But I recently revisited Joel Schumacher’s terrible film 8MM. And I must say it has definitely aged like a fine wine and become an almost unbearable festival of gut-busting camp. I was screaming with laughter during that early scene where Cage first watches the snuff film. The way he flinches and reacts to a girl getting slapped is just amazing. And how he proceeds to breathe heavily and bite his fist and go into convulsions is a master class in overacting. Even Christopher Lee is taking a pause from one of his Hammer Films death scenes to go: Dude… slow down.

To say nothing of the entire ridiculous plot and the way it unfolds… That climax with Peter Stormare as THE JIM JARMUSCH OF PORN… The way he acts… The fact he has a crossbow. The whole showdown with Anthony Heald.

That thing with Cage: I’M TRYING TO UNDERSTAND!!!!! WHY????BecauseheCOULD. Because. Hecould. Because he could.

And then later, Stormare expires while lamenting that his death should be more cinematic. And it’s hilarious because he’s right. I mean, his character is practically a Bond villain. He should go out in a fiery explosion.

The laughs just don’t stop coming!

Cage in an aggressive whisper asking the girl’s mother for permission to punish the evildoers. I WANT TO HURT THEM. I WANT TO PUNISH THEM… TELL ME HOW MUCH SHE MEANT TO YOU!

…Ohhh!!! Awww!!! I… (SOB) LOVED HER SO MUUUCH!!!

And then smash cut to Cage upon Gandolfini like a snarling beast.

And that last bit…

You were expecting a monster? Sorry to disappoint you. I am just a normal guy.

Dude! You’re this bald, fat asshole in his forties who lives with his mom (who’s a nun) in a house by the cemetery! NORMAL??? Jesus!

Yes. I used to hate 8MM. Now it’s one of the funniest movies I’ve ever seen. I can’t believe they expected this to be a hard-hitting disturbing thriller when it came out.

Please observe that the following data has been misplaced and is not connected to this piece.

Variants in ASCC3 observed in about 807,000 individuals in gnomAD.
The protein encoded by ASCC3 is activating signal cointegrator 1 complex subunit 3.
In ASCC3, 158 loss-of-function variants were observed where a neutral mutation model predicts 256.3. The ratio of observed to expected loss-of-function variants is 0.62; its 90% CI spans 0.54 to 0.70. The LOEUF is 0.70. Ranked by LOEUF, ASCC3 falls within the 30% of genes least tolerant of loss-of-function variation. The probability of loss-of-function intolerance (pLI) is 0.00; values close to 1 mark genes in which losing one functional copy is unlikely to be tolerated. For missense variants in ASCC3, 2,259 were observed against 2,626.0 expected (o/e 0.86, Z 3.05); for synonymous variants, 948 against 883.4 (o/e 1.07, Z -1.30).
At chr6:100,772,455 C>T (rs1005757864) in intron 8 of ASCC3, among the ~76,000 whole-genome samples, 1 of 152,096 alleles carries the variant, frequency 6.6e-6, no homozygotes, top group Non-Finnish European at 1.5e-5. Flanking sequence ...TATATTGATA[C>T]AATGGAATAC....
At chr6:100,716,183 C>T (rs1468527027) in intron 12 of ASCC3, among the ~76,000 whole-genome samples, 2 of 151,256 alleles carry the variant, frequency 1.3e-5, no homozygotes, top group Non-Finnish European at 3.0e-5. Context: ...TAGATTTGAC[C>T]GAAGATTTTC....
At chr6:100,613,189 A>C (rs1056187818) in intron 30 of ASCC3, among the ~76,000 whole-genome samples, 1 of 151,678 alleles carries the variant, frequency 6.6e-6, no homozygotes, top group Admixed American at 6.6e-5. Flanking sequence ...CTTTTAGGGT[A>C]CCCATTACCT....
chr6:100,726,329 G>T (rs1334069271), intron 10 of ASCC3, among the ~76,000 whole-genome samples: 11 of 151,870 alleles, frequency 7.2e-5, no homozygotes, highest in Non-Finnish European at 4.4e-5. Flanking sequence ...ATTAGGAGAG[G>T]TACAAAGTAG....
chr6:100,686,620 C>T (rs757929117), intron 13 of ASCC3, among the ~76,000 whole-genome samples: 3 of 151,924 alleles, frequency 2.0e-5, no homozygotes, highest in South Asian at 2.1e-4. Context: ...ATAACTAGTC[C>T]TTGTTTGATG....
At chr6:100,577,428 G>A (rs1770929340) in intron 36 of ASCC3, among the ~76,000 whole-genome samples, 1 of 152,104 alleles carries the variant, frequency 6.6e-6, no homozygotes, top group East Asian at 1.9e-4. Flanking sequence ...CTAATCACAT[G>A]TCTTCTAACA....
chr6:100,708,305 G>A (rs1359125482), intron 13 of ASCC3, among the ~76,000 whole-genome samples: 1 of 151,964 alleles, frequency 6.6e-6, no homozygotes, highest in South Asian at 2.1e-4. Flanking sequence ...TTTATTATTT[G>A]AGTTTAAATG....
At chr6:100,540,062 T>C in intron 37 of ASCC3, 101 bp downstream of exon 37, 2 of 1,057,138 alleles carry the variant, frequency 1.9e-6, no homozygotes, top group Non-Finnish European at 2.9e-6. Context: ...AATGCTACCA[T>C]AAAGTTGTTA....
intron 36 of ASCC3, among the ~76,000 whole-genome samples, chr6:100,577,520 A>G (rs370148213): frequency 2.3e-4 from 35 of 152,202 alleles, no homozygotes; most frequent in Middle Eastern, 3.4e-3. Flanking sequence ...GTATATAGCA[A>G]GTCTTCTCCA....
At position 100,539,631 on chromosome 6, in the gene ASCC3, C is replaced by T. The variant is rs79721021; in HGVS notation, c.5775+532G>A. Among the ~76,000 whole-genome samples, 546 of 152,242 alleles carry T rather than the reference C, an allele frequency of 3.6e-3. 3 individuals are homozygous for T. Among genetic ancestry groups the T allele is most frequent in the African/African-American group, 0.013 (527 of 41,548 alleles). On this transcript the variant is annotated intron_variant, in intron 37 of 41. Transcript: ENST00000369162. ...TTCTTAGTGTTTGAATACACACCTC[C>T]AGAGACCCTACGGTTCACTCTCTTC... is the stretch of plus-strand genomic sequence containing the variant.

The Perfect Weapon takes one for the team and watches the MMA action epic Locked Down. Is it good? Bai Ling plays a prison guard. Choose wisely.

Page 1404 starts with Moltisanti softening up to reveal that he ordered this toy for his nephew’s birthday alongside his requisite Rolling Thunder DVD:

We close the week with this very appropriate Valentine’s Day card:


“Speaking of works of art, I’m watching Showgirls. I saw it a few months back on Netflix Instant, but Hunter convinced me to spring for the Blu-ray, since it was only $7.99 on Amazon, and how could I pass up seeing Verhoeven’s brilliant piece of shit again. In HD!”

“I’d be up for another TMNT movie. Coincidentally, The Blu-ray set of the trilogy plus the CGI one got lost in the mail on it’s way over to me, and it’s been over a month, so I called Barnes And Noble, and they offered to ship me another one with 1-3 day shipping for free. Pretty cool of them to do that.”

“I also got in Luther spies on the President doing cunnilingus on a woman aka Absolute Power. Sadly the case got completely fucked on the way to me, but the disc is ok, and the guy has said he’ll refund all 3 dollars and change that I spent on it. Win win for me. I’ll be watching it in a bit so I can finally see it all the way through.”